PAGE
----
4 stars The 77-80 era was a second golden age for Peter Hammill, since his writing remained as strong as ever and his experimental interets gained a renewed power. To my ears, pH7 is the least accomplished Hammill effrt from this era but still is very worthy of the level of excellency that this rock visionary usually sets as a pattern in a very unafraid fashion. This album continues absorbing the new-wave sound initiated in The Future Now (there is even a cover from the pop-rock mainstream in the tracklist!), and the overall sound is more robust: there is only a certain lack of cohesiveness in the album, a factor to be mended in A Black Box one year later. The album kicks off with a candid acoustic ballad, 'My Favorite', dealing with the rare Hammillesque topic of joy for a love found. 'Careering' is the new-wave oriented song that light things up, with 'Porton Down' pursuing a simila rextrovertd vein: actually, there is potential for a more developed epic undertone in this track, but that thing was kept for the live album The Margin. This sutido version pales in comparison, but stills makes a pertinent follower for 'Careering', given the fact that it is more elaborated. 'Mirror Images' is a Vital-era song from the Van der Graaf Generator repertoire: actually I find that the more Spartan instrumentaion in this version is more effective when it comes to reflect the aura of angry dissapointment with oneself exposed in the lyrics. 'Handicap and Equality' is a socially concerned acoustic ballad, not really as emotionally charged as the preceding track or the next one ('Not for Keith', a serene lament for the death of a lifelong friend and former VdGG bass player, Keith Ellis), so it is easily outdone by both. The second half starts with 'The Old School Tie', a political satyre about the corrupting power of political power, which kills all ideals of justice in the minds of those who sell their dreamss for a safe home in politics. This song, with such a patent irony in its deceitfully lighthearted spirit, can be appreciated as the flip side of 'The Future Now': whose lyrics seem designed to explain the reasons why the future that should be at our hands cannot be achieved by the powers-that- be. 'Time for a Change' is a beautiful introspective ballad penned by good old friend Chris Judge Smith: this is my personal favorite ballad in the album. With 'Imperial Walls' the real experimental side of the album starts . a piece full of challenging tricks and intense density. The last two tracks state a continuous piece of social observations about the madness of our urban society in a progressive scheme: in terms of sound and writing, none of these pieces would have been out of place in World Recod... in fact, any of them would have improved it. 'Mr. X' and 'Faculty X' are effectively complex and notably weird, while preserving some sort of catchiness in the motifs. The multilayeed violins provided by Graham Smith in 'Mr. X' are climatic on their own terms, while the flute flourishes delivered by David Jackson in 'Faculty X' add the right colors to the whole track. The only minus for this album is the not so rich rhythm section (Hammill played the drums valiantly but not too successfully). 3.75 starts for yet another great Hammill album - pH7.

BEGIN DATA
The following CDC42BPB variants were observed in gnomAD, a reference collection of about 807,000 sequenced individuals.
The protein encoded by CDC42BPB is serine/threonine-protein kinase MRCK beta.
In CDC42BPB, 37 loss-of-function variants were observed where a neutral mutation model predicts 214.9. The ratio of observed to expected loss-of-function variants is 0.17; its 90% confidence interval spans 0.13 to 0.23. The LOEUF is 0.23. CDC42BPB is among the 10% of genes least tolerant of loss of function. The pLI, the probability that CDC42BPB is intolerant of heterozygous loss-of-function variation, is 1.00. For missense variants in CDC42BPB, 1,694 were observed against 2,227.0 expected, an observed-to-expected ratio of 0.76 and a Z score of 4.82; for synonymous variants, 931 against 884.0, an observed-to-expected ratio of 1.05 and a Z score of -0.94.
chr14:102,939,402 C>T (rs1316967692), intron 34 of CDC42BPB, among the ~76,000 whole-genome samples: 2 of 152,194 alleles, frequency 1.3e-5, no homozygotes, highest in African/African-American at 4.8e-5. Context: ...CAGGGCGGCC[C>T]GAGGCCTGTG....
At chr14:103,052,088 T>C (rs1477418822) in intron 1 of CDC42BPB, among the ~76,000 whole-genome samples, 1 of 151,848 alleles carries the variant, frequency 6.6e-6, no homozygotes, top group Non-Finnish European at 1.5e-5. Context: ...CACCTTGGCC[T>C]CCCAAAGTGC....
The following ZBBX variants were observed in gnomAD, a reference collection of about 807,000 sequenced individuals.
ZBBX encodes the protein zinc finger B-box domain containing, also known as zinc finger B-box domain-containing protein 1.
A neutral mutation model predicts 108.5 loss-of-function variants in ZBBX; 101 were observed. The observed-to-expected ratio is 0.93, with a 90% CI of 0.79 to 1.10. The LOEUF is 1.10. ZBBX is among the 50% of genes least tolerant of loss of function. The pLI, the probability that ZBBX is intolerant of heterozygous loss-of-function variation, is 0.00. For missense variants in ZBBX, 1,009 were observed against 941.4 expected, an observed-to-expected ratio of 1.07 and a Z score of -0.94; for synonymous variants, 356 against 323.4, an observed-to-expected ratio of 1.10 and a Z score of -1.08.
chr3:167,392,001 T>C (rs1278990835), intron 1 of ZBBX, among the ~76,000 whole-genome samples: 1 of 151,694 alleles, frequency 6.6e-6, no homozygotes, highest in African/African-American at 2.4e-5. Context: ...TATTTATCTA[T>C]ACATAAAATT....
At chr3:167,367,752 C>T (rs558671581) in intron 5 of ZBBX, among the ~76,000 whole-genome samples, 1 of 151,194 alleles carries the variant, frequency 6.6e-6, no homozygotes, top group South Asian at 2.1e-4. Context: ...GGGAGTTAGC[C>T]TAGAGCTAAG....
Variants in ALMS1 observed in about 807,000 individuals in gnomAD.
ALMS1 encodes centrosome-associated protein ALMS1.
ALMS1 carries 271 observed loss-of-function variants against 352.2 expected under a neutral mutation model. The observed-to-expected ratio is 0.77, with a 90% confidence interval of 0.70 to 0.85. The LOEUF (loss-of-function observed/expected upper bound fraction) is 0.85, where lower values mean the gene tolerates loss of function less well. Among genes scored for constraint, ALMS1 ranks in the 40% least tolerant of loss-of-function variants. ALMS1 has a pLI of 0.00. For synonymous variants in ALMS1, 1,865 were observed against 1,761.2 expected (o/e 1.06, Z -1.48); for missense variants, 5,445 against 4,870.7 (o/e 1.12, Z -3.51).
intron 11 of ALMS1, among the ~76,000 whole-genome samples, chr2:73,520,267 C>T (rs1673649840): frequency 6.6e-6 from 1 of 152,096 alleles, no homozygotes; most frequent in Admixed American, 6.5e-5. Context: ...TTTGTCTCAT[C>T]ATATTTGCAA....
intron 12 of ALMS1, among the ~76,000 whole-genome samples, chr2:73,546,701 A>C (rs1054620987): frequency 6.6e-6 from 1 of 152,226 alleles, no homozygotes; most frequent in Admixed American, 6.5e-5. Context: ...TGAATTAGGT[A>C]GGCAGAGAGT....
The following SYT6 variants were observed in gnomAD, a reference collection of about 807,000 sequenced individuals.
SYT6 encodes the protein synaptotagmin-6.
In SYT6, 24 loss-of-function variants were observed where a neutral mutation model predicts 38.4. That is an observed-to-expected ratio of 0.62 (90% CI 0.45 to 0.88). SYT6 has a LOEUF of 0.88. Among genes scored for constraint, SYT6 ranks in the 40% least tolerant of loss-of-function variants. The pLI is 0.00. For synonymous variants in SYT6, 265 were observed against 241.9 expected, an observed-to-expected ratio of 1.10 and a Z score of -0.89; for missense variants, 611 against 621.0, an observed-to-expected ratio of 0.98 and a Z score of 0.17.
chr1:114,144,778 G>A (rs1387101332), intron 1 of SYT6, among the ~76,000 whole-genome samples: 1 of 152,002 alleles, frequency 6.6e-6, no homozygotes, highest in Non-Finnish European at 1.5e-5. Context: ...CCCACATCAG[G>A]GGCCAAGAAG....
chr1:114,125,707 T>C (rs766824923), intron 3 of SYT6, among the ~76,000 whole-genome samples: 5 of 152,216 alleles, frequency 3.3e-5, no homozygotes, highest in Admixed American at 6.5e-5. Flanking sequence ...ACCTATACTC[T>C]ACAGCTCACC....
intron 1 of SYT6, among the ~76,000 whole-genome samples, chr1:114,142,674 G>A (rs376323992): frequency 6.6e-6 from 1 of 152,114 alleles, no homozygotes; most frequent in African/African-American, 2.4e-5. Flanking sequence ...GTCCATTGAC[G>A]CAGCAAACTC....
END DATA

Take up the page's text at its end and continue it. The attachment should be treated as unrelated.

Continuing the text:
Review by Bonnek
SPECIAL COLLABORATOR Honorary Collaborator
4 stars pH7 continues his newfound confidence of The Future Now. The album has some of the stronger cuts of both albums but loses due to lack of consistency.

The opener is a rather forgettable, a run of the mill Hammill ballad. Nice, but not on par with what is to come and a strange way to start an album really. By contrast, Careering and Porten Down are breathtaking. Such anger and intensity, such innovation and fury can only be found on a Hammill album. Mirror Images is a softer track with nice buzzing keyboards. Handicap and Not For Keith continue this excellent string of songs.

The Old School Tie is maybe a bit of an acquired taste with its very accentuated singing and piano, but the beautiful ballad Time For A Change and the marching impetus of Imperia Walls are essential Hammil tracks again. Mr X (no it's not that song from Ultravox) and Faculty X are astonishing tracks again but the addition of live drums make me desire for more. In a slightly extended full band format these tracks might have worked better. At least that is what I thought till I got the 2006 remaster which adds amazing Peel Sessions of these songs where Hammill is solely accompanied by his brilliant piano work.

The difference in quality is in the details. While it has some of Hammill's strongest song writing it never feels like a coherent album. Nevertheless, 4 stars well deserved.

Review by kenethlevine
2 stars While it may be true that Peter Hammill projected punk attitudes, if not subject matter, prior to the punk movement, by the time of "ph7", he was more follower than leader. He's like the interesting fellow that you meet on a hike who possesses insightful opinions about almost every subject, but by the end of the day you have had enough, and you therefore have become exactly the sort of person he rails on about.